The scenario is quite straight-forward:

I have a model with some fields that are required. Let's say one of them is a TextField which can't be blank. I also have a ModelSerializer (Django Rest Framework) that represents that model.

When an empty string is used to set that field through the serializer the error returned comes from the model itself (This field can't be blank).

I would like to override the error messages only in the serializer level, without the need to explicitly re-specifying every field in the serializer (which I believe is against the DRY principle), having to write a validate_ method for each field and raise my own ValidationError or having to change the error messages in the Model level (because sometimes the context of the error message matters to my use-case and the error message should be given accordingly).

In other words, is there a way to override error messages in the serializer level as easy as it is for a ModelForm:

class MyModelForm(ModelForm):
    class Meta:
        model = MyModel
        error_messages = {"field1": {"required": _("For some reason this is a custom error message overriding the model's default")}}
  • DRF is calling django field validators at time of validation. So errors will be coming from here, not from DRF. The idea is to try specify error message on model or field level, because as I can see there are no way to override these messages with DRF.
    – coldmind
    Nov 15 '14 at 9:36

EDIT: I see that this question still receives some views, so it is important to note that there's another approach, much cleaner than the original answer I posted here.

You can just use the extra_kwargs attribute of the serializer's Meta class, like so:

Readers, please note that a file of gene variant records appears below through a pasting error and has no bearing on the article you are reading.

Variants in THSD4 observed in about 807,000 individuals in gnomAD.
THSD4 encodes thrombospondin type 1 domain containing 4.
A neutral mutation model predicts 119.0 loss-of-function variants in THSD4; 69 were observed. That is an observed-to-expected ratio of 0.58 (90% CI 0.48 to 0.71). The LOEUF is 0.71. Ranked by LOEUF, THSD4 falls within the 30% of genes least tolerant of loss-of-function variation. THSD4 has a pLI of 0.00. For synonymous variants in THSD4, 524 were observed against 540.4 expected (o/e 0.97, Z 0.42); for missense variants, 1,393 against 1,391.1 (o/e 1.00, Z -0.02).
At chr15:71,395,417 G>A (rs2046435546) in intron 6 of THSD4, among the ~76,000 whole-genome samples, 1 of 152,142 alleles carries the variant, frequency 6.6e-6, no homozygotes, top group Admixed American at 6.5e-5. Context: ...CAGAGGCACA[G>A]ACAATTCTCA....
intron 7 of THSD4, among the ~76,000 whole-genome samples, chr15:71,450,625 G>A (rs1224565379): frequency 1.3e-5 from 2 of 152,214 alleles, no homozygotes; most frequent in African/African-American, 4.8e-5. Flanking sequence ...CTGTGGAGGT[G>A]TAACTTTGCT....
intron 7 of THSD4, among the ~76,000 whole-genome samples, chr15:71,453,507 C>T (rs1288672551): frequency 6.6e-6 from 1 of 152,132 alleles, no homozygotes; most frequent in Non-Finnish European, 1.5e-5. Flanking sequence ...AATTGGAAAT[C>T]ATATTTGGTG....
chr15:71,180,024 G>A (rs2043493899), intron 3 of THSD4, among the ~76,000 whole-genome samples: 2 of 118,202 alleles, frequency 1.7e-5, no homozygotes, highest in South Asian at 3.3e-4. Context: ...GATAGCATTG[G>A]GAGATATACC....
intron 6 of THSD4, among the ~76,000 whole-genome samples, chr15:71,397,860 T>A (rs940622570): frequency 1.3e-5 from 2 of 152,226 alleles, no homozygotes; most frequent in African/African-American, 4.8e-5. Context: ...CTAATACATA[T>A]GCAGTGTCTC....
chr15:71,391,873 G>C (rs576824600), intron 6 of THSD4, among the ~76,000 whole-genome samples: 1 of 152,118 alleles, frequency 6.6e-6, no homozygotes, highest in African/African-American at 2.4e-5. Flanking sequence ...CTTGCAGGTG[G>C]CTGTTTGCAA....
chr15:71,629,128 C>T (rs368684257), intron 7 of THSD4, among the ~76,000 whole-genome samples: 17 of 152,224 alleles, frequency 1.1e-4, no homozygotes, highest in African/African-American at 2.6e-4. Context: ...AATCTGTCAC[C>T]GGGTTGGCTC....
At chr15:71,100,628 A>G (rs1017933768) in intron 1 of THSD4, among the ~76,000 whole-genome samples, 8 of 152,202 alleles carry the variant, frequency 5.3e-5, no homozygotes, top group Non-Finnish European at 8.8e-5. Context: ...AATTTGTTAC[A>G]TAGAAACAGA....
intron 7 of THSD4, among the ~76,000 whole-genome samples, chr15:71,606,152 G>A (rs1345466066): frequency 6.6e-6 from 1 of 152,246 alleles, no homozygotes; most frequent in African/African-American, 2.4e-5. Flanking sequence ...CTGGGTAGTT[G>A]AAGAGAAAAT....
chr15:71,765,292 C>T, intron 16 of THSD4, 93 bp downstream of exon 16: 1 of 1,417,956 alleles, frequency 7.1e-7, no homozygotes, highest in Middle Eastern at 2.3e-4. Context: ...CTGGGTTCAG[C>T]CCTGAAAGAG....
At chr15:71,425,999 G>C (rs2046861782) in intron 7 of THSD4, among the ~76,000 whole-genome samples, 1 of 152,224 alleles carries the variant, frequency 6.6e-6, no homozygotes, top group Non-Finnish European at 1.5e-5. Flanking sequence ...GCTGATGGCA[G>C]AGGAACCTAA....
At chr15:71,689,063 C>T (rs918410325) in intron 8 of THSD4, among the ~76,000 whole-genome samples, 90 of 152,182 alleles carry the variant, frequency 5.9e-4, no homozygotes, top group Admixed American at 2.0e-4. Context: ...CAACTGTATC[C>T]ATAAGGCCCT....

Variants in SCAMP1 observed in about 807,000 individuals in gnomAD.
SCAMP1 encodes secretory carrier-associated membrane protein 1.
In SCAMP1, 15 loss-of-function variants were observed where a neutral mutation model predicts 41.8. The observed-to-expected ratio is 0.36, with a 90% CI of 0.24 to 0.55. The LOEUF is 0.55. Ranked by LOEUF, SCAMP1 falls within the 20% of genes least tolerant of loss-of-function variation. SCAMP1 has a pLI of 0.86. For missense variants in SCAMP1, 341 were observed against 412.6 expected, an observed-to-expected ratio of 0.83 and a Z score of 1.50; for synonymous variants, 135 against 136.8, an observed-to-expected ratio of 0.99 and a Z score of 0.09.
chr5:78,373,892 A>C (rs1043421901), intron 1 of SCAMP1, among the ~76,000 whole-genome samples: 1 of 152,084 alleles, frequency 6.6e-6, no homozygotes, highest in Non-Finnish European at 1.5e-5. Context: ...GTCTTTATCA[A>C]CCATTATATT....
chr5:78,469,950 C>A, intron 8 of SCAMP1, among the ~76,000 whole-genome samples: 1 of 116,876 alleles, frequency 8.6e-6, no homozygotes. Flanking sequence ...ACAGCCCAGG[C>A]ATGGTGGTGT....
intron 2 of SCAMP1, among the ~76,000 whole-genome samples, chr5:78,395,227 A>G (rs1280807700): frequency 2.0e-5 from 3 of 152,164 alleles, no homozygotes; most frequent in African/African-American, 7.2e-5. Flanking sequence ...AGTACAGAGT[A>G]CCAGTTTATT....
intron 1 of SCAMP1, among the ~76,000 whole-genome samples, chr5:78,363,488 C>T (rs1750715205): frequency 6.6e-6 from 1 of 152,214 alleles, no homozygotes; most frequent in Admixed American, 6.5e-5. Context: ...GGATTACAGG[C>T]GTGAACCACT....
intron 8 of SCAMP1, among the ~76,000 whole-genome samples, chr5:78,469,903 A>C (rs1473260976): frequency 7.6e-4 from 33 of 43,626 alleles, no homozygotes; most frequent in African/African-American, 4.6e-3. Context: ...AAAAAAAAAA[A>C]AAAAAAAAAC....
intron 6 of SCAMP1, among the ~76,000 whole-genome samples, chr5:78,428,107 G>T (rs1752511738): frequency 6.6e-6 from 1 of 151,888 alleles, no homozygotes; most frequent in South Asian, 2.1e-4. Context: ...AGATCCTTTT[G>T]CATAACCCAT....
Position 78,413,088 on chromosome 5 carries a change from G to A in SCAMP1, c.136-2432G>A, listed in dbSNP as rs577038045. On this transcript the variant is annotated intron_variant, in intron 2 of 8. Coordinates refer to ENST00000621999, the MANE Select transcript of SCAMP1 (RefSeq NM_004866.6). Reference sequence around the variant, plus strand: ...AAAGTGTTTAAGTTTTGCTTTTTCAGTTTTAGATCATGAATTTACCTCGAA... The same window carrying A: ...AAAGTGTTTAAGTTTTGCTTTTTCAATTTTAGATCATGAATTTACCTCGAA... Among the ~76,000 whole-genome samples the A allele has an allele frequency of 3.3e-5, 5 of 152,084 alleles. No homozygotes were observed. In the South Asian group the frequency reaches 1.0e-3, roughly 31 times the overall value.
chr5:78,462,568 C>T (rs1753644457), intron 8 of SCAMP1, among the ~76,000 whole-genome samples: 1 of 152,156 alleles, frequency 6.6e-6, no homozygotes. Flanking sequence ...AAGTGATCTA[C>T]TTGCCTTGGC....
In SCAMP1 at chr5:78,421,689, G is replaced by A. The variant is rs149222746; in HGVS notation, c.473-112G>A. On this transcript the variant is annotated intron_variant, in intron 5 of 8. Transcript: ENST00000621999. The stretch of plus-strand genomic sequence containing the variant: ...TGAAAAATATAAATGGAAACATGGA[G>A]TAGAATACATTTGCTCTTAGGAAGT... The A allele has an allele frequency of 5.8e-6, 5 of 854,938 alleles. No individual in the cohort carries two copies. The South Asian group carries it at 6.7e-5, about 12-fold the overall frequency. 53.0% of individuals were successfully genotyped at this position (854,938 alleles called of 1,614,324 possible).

class UserSerializer(ModelSerializer):

    class Meta:
        model = User
        extra_kwargs = {"username": {"error_messages": {"required": "Give yourself a username"}}}

Original answer:

Using @mariodev 's answer I created a new class in my project that does that:

from rest_framework.serializers import ModelSerializer, ModelSerializerOptions

class CustomErrorMessagesModelSerializerOptions(ModelSerializerOptions):
    Meta class options for CustomErrorMessagesModelSerializerOptions
    def __init__(self, meta):
        super(CustomErrorMessagesModelSerializerOptions, self).__init__(meta)
        self.error_messages = getattr(meta, 'error_messages', {})

class CustomErrorMessagesModelSerializer(ModelSerializer):
    _options_class = CustomErrorMessagesModelSerializerOptions

    def __init__(self, *args, **kwargs):
        super(CustomErrorMessagesModelSerializer, self).__init__(*args, **kwargs)

        # Run through all error messages provided in the Meta class and update
        for field_name, err_dict in self.opts.error_messages.iteritems():

The first one gives the possibility to add a new Meta class attribute to the serializer as with the ModelForm. The second one inherits from ModelSerializer and uses @mariodev's technique to update the error messages.

All is left to do, is just inherit it, and do something like that:

class UserSerializer(CustomErrorMessagesModelSerializer):
    class Meta:
        model = User
        error_messages = {"username": {"required": "Give yourself a username"}}
  • 2
    class ModelSerializerOptions is not available in Django-rest-framework release. Aug 5 '15 at 9:21
  • 1
    Note: you might want to set both required and blank for Char fields. Jun 14 '19 at 6:36
  • 1
    From the docs: "Please keep in mind that, if the field has already been explicitly declared on the serializer class, then the extra_kwargs option will be ignored."
    – jmunsch
    Aug 28 '19 at 14:18

In your serializer:

class UserSerializer(serializers.ModelSerializer):
    class Meta:
        model = User

    def __init__(self, *args, **kwargs):
        super(UserSerializer, self).__init__(*args, **kwargs)

        self.fields['username'].error_messages['required'] = u'My custom required msg'

Please notice that some error messages consist of %s placeholders like:

'invalid': _("'%s' value must be either True or False."),

for BooleanField.

So you need to go over default_error_messages part in each field type in the DRF's fields.py, to use it properly.

  • i have to admit this is not as clean as the ModelForm technique, but it does do what I need Nov 17 '14 at 14:25
  • 1
    The only thing work for me! The others don't. I'm using djangorestframework==3.11.0 Sep 4 '20 at 4:27